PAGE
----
One of the consequences of getting me more interested in the Hugos, and especially this year's nonsense with slates, is that I've started actively looking for new short SFF so that I can collect a list of good short stories, novellettes, novellas to nominate.
(I am firmly of the belief that you don't need to have read "everything" to nominate, out of some idea that you have to know "what's best". Just read stuff, and when you find something you think is amazing
and would like others to read a) talk about it at the time b) put it on a list to nominate so you don't forget. If you're really lucky you'll end up with more on the list than there are slots and then you'll get to choose from that. But the whole point of a crowd-sourced nomination process like the Hugos is to get a shortlist of things that lots of different people thought were amazing
So, where do I go to read new stuff?Lightspeed Magazine
(winner of Best Semiprozine Hugo for 2015)
I have a 12-month ebook subscription, and the entire back catalogue, thanks to backing the Queers Destroy SF
kickstarter earlier this year. However, Lightspeed also make the short fiction and non-fiction available freely online, releasing in stages over the month of the issue. They also release podcasts of the stories, if that's to your taste.
To quote their About page: "Our current publication schedule each month includes four pieces of original fiction and four fiction reprints, along with two feature interviews and an artist gallery showcasing our cover artist.". The fiction is equally split between SF and Fantasy. They also give word counts and publication dates, which makes working out what a story is eligible for much easier.Clarkesworld
Again, I have an ebook subscription to this magazine, this time via Patreon
. Again, the contents are published online for free each month, and again there are podcasts of the fiction, which get released in stages over the month of the relevant issue. There's a mixture of new fiction and reprints, and Clarkesworld describes itself as a "science fiction and fantasy magazine". Again, they supply word counts and publication dates, which I find very handy.Strange Horizons
This is mostly funded by an annual fund drive (currently in progress) although they seem to be trying out Patreon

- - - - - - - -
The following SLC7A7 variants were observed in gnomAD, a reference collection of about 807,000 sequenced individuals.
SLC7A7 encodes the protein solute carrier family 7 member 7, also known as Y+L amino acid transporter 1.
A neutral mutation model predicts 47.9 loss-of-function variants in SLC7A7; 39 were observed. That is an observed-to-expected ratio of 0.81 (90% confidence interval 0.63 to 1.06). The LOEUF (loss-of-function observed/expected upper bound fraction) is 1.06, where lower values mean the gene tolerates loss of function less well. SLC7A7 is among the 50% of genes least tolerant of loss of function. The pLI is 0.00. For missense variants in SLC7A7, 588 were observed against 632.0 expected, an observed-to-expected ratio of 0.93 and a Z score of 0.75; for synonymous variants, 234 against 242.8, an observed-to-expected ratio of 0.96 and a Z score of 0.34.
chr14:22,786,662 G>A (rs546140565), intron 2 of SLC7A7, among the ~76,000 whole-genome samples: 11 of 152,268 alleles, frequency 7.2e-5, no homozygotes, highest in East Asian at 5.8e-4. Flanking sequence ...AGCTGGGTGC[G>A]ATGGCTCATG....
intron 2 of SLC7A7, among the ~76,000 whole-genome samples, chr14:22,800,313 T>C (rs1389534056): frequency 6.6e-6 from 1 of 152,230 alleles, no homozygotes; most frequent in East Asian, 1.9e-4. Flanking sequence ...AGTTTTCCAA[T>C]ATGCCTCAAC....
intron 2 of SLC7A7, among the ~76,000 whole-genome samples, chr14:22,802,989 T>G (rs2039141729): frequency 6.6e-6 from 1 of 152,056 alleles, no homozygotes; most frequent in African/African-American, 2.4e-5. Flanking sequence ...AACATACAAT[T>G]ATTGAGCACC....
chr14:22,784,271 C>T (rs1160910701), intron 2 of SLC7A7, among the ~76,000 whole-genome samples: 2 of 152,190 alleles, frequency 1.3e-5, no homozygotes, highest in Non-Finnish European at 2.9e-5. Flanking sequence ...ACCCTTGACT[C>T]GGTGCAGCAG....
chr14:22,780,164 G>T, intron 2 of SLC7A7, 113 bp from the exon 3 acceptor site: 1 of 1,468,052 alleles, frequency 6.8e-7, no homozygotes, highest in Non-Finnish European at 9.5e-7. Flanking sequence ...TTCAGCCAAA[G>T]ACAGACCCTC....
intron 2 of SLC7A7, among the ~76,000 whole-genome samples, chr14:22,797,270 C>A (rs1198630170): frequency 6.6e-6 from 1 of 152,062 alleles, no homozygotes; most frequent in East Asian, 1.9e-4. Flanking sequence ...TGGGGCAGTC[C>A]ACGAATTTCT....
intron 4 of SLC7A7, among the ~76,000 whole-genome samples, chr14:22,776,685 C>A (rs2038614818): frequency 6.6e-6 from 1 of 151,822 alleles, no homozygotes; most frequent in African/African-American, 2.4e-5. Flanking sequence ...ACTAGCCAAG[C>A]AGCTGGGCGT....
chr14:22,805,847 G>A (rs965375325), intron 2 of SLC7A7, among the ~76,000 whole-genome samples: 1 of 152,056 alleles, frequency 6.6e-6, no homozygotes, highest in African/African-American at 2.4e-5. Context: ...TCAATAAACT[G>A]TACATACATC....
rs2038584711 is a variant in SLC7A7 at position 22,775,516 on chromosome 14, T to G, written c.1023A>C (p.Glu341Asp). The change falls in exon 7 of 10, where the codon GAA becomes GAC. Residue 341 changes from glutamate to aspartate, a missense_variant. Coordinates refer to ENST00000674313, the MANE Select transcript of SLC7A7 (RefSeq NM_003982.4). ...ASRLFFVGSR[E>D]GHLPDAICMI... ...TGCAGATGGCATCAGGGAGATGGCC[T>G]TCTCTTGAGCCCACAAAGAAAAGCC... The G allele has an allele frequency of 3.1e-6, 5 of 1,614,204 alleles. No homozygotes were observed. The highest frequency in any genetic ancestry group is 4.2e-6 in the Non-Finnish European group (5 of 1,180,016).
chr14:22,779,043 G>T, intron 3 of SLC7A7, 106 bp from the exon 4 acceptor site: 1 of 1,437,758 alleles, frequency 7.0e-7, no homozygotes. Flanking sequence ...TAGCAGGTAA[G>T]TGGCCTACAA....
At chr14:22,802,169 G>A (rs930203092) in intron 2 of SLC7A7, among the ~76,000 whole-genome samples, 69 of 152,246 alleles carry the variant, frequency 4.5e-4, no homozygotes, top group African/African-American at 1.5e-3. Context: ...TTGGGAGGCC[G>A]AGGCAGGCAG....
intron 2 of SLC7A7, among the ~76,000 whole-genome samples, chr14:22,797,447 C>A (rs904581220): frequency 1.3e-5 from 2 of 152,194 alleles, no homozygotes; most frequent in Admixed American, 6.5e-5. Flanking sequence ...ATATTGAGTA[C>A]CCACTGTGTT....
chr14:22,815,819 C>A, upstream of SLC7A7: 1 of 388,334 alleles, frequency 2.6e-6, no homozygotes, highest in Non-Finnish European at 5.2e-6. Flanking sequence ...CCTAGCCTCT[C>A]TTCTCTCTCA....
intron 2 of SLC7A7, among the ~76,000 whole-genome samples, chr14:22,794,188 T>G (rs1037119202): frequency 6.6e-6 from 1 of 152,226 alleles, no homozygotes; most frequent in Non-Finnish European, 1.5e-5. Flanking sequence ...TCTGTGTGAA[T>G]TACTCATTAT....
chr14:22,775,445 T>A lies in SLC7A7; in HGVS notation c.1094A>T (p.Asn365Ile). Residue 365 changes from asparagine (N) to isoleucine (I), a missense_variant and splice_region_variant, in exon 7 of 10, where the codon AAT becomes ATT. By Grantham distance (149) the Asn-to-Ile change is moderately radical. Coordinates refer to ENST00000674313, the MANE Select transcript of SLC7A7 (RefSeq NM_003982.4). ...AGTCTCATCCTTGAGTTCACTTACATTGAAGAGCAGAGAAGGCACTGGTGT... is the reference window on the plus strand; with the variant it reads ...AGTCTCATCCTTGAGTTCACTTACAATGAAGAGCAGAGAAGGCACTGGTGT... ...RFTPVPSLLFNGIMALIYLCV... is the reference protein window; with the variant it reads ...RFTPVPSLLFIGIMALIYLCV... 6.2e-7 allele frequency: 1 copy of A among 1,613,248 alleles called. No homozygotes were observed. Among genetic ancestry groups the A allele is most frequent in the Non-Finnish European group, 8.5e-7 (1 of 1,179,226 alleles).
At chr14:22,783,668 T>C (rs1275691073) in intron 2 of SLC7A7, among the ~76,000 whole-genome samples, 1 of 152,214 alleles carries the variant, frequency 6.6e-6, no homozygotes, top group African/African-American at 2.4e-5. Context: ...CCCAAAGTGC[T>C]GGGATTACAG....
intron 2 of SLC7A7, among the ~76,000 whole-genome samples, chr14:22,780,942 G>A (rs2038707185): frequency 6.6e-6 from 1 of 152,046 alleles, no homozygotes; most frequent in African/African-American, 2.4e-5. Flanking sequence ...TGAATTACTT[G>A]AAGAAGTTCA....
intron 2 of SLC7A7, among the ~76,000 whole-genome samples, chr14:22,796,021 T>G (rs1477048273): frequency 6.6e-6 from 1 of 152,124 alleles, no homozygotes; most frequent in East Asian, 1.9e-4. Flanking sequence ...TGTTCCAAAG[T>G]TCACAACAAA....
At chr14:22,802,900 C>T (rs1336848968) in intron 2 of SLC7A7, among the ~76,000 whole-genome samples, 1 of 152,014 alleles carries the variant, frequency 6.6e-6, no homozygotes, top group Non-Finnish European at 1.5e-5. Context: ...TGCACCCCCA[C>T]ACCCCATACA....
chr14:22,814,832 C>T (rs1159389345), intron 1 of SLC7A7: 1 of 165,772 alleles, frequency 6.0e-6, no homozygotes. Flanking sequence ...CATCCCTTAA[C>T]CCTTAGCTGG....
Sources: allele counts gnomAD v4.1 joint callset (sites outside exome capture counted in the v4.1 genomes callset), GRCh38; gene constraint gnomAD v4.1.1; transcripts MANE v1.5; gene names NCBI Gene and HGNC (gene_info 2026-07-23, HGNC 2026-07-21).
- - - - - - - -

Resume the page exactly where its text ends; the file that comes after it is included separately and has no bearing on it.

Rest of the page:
too. Strange Horizons is a "speculative fiction magazine", published entirely online, which updates weekly on Mondays, with a mixture of fiction, poetry and reviews. Almost all its published work is available in the archives. No word counts though.
I tend to prioritise the first two, as I've paid for them, and then Strange Horizons. I'm also collecting a list of other places that publish online, mostly through finding places where authors or artists I already am interested in are getting published, but I'm not yet really in a position to recommend
them, as I barely keep up with the three venues above, before I get onto these others.
I will however mention Beneath Ceaseless Skie
s, which was a non-slate finalist in the Semiprozine category for the Hugos (alongside Lightspeed Magazine
and Strange Horizons
), and whose sample in the voting packet I rather liked. It describes itself as publishing "Literary Adventure Fantasy" and publishes every two weeks: two new stories, and one from the archives, plus podcast versions of (some of?) the stories. Issues can be read online or downloaded in a variety for formats. Funding seems to be by donations or Weightless Books subscriptions. A quick look suggests publication dates but not word counts are provided as a matter of course. I think I'm adding this to my list under Strange Horizons
Finally, there is an interesting Kickstarter running right now: Long List Anthology
which aims to publish the "longlisted" short fiction from this year's Hugos, where it's available for reprint. It's already made its base goal, so supporting it at the $10 ebook level is essentially pre-ordering a lovely-looking anthology.